I’m in Las Vegas and came to a realization. I had to stop what I was doing and come upstairs to write, right away. I was playing a dice game called craps and the first throw of the dice gave me a big win. The shot of endorphins my physiology gave me felt great. It’s the high that winners get and it feels so good.
“Real Estate is Just Gambling“
Know any friends or relatives who have ever said that? These are the same people who, if they have investments, put all their investments into stocks and trust a stock broker to do the right thing for them. When the market is down, the stock broker blames the market. When it’s up, the broker’s suddenly a genius. These friends and family will tell you that you are risking your hard-earned money and you are gambling on ‘the next new thing’ and you’re just risking it all on what’s merely a game to you. They tell you they’d rather go to Vegas and put $100 on a slot machine pull; at least it’s less than the $100,000 you’re risking.
You’re never going to change their mind. Don’t try. Just kindly tell them about your success the next time you make a good deal in your real estate career. Their still stuck in the stock matrix. You can’t pull their plug until they are ready. If those guys ever invested in real estate, they would be unprepared, and buy some shiny new overpriced object, hoping for the market to go up, and it would be just gambling.
Back to the Craps Table
Just like everyone else who gambles, I get a nice feeling the rare times I win. I get a similar feeling when I close a great deal in real estate. What’s different is that feeling is much bigger than any Vegas win I’ve eve had. I don’t consider myself a gambler, but I do gamble from time to time. I never lose big and I never win big. That’s because I rarely play, and I rarely play with big money. When I have a success in real estate, it’s not winning, though. It’s the results of months or years of planning, contracting with vendors, reporting to investors, dealing with problems, dealing with a seller, dealing with a buyer, dealing with governments, and the list goes on.
As I was throwing the dice I realized that the great feeling of a win never lasts. A few rolls later and I was back to where I started and the faded feeling was finally gone. The difference between these things is twofold: In real estate I can take much time to plan, and the success is one of making money for others, helping others find homes, and a financial success for me. The bonus is that I learn more about what I’m doing each time.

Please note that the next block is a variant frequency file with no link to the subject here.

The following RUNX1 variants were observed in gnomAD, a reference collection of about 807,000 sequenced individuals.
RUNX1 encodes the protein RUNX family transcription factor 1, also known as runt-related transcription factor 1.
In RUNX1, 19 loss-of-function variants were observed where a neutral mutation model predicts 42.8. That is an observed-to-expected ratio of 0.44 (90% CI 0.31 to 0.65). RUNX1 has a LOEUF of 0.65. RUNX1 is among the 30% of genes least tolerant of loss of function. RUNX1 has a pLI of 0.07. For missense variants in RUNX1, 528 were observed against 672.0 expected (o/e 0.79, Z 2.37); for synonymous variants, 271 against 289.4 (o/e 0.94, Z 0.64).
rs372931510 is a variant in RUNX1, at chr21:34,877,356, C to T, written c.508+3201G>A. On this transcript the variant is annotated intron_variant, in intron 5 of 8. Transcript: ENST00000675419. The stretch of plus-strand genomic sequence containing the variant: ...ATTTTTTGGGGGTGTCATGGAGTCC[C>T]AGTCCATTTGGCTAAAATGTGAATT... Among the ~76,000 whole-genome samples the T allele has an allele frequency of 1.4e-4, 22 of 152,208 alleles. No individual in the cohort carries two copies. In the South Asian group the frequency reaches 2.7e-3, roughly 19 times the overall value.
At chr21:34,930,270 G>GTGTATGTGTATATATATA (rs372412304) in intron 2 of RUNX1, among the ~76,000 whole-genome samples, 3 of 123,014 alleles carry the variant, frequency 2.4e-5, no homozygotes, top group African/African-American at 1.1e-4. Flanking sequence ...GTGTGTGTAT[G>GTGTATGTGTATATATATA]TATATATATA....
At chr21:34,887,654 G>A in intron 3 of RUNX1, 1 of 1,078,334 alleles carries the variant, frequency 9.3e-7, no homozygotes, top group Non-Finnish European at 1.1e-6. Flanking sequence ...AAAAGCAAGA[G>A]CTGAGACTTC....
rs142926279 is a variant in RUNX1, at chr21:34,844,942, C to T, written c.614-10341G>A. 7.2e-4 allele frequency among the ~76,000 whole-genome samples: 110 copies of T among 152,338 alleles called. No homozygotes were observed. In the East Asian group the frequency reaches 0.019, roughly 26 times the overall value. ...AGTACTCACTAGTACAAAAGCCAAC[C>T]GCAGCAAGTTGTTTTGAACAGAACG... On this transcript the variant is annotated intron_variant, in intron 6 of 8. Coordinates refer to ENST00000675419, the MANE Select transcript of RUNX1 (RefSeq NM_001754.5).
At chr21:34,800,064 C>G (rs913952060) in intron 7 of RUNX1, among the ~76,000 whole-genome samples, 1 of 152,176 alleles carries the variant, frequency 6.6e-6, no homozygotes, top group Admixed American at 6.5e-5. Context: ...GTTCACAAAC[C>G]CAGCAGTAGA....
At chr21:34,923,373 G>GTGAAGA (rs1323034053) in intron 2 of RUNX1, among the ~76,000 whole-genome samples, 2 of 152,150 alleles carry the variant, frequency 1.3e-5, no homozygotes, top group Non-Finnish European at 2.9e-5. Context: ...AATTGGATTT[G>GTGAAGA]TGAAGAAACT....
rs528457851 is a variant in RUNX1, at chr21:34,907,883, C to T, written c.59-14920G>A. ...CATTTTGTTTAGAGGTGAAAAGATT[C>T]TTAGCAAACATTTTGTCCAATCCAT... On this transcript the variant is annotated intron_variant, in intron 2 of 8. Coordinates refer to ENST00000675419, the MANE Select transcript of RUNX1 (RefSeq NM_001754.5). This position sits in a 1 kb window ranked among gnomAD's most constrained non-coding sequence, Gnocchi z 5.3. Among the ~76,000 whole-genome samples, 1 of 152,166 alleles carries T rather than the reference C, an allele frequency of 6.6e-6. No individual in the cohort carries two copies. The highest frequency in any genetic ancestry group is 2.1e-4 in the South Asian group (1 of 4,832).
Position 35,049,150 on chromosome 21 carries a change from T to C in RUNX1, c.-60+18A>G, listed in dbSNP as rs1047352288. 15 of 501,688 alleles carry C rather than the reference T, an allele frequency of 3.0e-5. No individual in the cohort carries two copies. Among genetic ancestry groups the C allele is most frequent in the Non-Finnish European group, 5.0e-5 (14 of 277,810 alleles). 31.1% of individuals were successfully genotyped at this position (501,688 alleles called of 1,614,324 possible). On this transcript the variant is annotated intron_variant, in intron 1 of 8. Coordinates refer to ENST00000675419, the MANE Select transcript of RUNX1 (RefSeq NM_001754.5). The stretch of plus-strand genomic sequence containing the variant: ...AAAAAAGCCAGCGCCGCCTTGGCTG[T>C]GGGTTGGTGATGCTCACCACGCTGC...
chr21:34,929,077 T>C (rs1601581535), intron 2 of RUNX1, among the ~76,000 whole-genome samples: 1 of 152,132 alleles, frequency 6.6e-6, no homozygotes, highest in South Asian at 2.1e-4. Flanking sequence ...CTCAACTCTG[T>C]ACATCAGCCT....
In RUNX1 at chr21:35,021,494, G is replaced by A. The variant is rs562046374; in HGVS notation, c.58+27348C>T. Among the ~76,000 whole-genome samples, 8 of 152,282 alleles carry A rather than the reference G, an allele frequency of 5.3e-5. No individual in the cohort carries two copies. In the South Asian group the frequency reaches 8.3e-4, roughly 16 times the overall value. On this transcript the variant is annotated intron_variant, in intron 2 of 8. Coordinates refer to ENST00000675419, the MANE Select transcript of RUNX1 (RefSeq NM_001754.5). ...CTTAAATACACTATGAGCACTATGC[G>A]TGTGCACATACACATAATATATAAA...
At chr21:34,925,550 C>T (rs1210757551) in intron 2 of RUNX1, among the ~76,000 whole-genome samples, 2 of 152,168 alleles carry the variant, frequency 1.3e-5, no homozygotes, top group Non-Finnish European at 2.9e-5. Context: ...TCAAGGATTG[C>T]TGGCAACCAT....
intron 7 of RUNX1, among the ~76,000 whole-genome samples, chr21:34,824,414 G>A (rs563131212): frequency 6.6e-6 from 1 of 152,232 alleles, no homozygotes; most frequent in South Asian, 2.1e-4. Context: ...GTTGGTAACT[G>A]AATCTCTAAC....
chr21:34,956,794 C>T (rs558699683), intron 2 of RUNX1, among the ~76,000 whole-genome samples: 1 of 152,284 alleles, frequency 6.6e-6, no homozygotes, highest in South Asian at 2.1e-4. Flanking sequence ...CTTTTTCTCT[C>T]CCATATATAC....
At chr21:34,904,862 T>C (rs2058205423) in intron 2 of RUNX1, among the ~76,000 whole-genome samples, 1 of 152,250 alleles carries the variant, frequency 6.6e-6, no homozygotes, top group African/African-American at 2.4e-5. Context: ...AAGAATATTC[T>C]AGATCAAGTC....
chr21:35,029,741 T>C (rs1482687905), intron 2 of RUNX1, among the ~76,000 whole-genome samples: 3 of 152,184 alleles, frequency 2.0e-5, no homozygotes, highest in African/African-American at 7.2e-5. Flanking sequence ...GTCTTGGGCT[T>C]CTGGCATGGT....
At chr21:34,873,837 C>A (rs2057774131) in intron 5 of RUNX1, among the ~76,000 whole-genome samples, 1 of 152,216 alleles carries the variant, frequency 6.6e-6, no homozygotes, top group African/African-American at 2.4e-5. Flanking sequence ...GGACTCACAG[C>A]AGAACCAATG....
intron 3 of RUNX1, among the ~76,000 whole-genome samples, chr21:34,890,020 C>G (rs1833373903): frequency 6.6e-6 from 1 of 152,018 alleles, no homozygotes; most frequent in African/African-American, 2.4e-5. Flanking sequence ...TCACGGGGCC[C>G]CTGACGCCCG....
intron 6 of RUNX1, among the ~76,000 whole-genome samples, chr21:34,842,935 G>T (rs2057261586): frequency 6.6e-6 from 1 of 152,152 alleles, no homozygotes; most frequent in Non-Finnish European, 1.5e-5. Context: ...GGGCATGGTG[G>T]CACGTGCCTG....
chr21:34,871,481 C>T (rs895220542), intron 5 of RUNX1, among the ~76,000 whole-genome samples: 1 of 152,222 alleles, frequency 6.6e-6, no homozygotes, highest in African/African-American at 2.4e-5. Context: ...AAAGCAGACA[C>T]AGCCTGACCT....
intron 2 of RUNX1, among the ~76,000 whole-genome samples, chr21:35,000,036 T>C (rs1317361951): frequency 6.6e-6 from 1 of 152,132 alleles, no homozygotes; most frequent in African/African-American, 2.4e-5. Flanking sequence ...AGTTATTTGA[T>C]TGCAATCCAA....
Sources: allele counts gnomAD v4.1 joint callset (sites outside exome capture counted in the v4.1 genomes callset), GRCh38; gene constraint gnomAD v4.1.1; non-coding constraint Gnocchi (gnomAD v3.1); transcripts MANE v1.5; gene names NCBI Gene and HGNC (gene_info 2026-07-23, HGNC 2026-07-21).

I don’t have that with gambling. It’s true that there are players out there who have taken the time to learn strategies like counting cards. While frowned-upon, this strategy is not cheating. These people dedicate large amounts of time to learning how to best play. They can increase their probability of winning a few points and they look at gambling as a profession. While I don’t buy that gambling is a good career, I know of some who have managed to do so. To get to that point takes years of education, practice, and effort. Many ups and downs and risk of getting thrown out of casinos forever. Maybe that guy is not gambling any more. I’m happy for him.
How to Gamble in Real Estate
By now, you should know that this is slightly tongue-in-cheek. You shouldn’t gamble in real estate, but you shouldn’t run away from it. If this is the area you choose to invest, be like the card counter, educate yourself and practice. If you still want to gamble, here are some ways:
- Don’t take the time to learn about real estate. Just jump right in and buy something.
- Don’t save up money before buying. You can use all your emergency money right now.
- Buy the thing that your gut ‘feels’ is right.
- Don’t evaluate deals. Spreadsheets are for nerds. You know better anyway.
- Quit right away when you have one loss.
- Listen to others that either tell you of some fantastic too-good-to-be-true investment strategy.
- Listen to others who tell you to never invest.
Let me know which ones you’ve experienced you’d like to add to this list. Don’t do anything on this list. Keep reading, evaluating deals, setting your goals, and you’ll be a real estate investor – not a real estate gambler, sooner than you think.